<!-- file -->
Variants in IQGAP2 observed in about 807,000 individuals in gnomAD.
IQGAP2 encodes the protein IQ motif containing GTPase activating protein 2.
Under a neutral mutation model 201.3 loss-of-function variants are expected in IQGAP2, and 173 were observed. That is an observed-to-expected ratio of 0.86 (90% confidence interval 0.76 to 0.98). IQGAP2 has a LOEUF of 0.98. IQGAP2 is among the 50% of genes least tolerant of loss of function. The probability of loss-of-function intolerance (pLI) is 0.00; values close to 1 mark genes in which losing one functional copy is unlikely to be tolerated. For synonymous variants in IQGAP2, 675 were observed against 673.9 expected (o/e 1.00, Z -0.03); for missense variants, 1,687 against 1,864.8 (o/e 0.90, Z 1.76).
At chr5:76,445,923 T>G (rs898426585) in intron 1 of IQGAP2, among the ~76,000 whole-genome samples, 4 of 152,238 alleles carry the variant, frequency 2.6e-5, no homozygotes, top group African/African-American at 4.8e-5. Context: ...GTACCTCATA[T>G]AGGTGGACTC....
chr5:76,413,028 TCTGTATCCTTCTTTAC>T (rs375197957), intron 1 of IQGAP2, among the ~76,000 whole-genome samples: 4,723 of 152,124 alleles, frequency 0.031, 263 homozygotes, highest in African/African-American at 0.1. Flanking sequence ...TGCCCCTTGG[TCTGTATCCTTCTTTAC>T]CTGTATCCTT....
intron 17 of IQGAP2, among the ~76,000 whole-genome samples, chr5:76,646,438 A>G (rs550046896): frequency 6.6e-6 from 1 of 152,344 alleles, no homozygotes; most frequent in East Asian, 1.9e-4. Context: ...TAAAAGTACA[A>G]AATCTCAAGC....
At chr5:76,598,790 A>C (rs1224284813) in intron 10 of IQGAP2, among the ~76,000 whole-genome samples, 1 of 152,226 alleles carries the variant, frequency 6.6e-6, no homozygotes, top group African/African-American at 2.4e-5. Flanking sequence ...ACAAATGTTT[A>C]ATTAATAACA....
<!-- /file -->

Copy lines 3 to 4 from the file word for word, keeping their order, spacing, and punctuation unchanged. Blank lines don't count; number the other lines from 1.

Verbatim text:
Under a neutral mutation model 201.3 loss-of-function variants are expected in IQGAP2, and 173 were observed. That is an observed-to-expected ratio of 0.86 (90% confidence interval 0.76 to 0.98). IQGAP2 has a LOEUF of 0.98. IQGAP2 is among the 50% of genes least tolerant of loss of function. The probability of loss-of-function intolerance (pLI) is 0.00; values close to 1 mark genes in which losing one functional copy is unlikely to be tolerated. For synonymous variants in IQGAP2, 675 were observed against 673.9 expected (o/e 1.00, Z -0.03); for missense variants, 1,687 against 1,864.8 (o/e 0.90, Z 1.76).
At chr5:76,445,923 T>G (rs898426585) in intron 1 of IQGAP2, among the ~76,000 whole-genome samples, 4 of 152,238 alleles carry the variant, frequency 2.6e-5, no homozygotes, top group African/African-American at 4.8e-5. Context: ...GTACCTCATA[T>G]AGGTGGACTC....